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Pastoral Ponderings . . .
Ken Stanczyk, Director of Adult Ministry
Earth, Wind & Fire
I feel sorry for the Holy Spirit. It seems as though s/he is the Rodney Dangerfield of the Holy Trinity: s/he gets no respect! Take the Mass for example. We have the “Our Father” and Jesus is present in the Eucharist, but the Holy Spirit does not get much air time. In the Apostles’ Creed, the Holy Spirit barely gets mentioned, lumped together with a bunch of other beliefs. Almost all of our prayers are addressed to either the Father or Jesus. In the bible, the Old Testament is all about the actions of the Father in history, while the New Testament focuses on Jesus. The Holy Spirit is just interspersed here and there.
But, when the Holy Spirit does make an entrance, it is dramatic, memorable and life-altering. Take today’s first reading from the Acts of the Apostles. The Holy Spirit enters the scene as a driving wind and tongues of fire. Afterwards, the apostles, who were hiding in fear in the upper room, find courage to go out in the streets and proclaim the word of God. Their actions are so extra-ordinary that some people think that they must be drunk. Because of the Holy Spirit, the word of God is able to be understood by all, even though the audience is from various regions.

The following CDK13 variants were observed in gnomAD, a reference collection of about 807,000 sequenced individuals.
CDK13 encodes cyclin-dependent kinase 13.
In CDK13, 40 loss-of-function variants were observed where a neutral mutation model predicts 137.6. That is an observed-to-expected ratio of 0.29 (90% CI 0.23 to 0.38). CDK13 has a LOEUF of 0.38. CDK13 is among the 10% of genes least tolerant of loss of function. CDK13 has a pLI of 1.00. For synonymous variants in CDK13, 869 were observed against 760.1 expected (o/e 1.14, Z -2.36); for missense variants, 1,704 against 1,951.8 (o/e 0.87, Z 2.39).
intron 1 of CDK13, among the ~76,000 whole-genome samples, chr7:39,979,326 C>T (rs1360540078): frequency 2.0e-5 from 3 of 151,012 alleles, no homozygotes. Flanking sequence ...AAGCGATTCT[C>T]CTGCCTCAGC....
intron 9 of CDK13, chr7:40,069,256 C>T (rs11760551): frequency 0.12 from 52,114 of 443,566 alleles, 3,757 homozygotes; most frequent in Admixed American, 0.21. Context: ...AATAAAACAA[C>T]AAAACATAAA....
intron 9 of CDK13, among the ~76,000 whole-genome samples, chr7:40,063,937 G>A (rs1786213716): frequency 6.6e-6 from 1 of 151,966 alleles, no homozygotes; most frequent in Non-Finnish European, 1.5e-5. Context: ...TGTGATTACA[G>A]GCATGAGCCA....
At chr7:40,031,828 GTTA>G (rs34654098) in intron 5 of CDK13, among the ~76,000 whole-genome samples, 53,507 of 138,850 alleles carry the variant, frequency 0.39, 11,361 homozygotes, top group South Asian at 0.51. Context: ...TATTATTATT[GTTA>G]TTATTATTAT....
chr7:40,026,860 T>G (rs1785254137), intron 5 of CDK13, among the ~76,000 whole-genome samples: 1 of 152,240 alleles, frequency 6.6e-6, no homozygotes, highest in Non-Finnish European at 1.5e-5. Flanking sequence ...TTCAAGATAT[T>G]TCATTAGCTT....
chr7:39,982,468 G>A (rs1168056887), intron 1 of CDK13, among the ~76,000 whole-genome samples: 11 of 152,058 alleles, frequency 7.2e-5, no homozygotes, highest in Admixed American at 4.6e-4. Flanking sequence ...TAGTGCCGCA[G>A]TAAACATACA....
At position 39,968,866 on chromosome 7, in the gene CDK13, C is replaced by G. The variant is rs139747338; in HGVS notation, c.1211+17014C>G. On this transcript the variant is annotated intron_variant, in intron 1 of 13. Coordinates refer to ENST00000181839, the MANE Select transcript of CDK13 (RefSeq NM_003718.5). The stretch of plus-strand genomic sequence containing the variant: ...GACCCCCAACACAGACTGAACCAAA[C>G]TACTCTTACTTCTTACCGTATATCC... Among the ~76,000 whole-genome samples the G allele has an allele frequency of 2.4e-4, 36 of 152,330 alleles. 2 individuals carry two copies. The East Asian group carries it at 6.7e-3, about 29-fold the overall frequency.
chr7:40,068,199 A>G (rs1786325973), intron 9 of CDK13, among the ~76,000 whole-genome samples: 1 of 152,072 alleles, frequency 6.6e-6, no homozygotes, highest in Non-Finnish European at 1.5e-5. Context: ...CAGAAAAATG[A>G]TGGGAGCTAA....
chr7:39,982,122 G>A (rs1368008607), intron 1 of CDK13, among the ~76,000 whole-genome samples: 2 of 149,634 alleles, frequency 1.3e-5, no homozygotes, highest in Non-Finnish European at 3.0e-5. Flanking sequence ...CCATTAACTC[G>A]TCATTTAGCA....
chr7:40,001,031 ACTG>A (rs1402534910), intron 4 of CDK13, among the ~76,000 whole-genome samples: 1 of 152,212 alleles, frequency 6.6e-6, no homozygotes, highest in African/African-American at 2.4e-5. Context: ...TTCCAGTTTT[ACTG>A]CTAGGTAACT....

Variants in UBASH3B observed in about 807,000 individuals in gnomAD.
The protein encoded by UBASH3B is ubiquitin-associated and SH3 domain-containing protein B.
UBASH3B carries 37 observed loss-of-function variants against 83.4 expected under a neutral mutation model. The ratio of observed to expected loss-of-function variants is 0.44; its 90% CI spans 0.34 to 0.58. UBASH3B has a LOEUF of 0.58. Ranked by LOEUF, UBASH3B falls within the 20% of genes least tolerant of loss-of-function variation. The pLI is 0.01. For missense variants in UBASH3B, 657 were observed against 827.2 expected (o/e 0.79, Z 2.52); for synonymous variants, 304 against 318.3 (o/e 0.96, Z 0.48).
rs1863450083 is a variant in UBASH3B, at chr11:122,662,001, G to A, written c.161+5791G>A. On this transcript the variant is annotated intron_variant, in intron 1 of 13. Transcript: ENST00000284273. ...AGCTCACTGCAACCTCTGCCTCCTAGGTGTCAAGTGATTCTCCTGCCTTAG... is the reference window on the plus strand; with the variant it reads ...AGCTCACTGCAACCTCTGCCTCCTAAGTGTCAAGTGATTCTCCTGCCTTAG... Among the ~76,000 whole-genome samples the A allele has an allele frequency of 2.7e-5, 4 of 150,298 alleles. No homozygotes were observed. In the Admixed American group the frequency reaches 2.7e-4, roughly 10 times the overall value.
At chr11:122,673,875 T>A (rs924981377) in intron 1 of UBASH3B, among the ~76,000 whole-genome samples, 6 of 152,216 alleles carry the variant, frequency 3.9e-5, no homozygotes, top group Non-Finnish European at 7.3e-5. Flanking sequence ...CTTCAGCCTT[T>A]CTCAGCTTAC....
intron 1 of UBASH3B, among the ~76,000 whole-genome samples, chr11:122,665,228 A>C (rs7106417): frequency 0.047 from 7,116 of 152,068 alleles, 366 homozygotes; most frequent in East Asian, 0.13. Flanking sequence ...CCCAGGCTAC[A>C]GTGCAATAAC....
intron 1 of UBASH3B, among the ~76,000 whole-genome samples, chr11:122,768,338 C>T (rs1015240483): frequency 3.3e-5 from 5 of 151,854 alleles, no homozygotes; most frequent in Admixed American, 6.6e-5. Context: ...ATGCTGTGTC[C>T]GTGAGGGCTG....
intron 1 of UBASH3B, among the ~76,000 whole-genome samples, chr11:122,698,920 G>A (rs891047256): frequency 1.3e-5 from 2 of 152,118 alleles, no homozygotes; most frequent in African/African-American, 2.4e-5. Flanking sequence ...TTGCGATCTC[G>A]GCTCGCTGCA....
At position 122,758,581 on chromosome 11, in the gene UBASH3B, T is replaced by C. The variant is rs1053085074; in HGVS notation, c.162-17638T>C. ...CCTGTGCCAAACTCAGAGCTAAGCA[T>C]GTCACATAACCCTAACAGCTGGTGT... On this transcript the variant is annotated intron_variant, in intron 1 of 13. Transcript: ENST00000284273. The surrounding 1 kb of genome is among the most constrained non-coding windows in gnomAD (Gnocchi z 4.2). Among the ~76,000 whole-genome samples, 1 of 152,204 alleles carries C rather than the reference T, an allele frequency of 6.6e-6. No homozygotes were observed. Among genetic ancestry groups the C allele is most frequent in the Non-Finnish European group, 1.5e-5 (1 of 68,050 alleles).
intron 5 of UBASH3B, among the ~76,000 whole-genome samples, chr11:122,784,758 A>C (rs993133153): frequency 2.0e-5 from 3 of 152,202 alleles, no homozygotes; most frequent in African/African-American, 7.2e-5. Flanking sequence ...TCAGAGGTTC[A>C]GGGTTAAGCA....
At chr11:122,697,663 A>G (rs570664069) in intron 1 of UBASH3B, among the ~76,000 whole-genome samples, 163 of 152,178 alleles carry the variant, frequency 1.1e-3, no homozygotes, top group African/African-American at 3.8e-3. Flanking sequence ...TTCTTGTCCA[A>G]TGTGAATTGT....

This theme of unifying various people is echoed in the second reading from Paul’s First Letter to the Corinthians. The Holy Spirit is the unifying force in our church. We may have different kinds of spiritual gifts, forms of service, or workings, but the same Spirit. As a result, we should rejoice in and respect each other’s gifts and talents. At the end of today’s reading, Paul states that “we were all given to drink of one Spirit.” Oh, to be thought drunk on this Spirit as the apostles were in the first reading!
Verses 29-30 of today’s responsorial psalm 104 state: “If you take away their breath, they perish and return to their dust. When you send forth your spirit, they are created, and you renew the face of the earth.” This hearkens back to Genesis when God the Creator breathed life into humans. In today’s Gospel, Jesus imparts the Holy Spirit on the apostles by breathing on them. As God gave life to Adam, Jesus now gives new life to his disciples.
Today is known as the birthday of the church. Every birthday is a beginning of a new year. It is a time to remember where we came from and where we are sent. What great deeds will we be able to perform as a Church in the coming year if we are open to the promptings of the Holy Spirit? Which talents will we be called to use to build up the one body? How will we renew the face of the earth?
Read more about what is happening in our parish in this week’s Bulletin.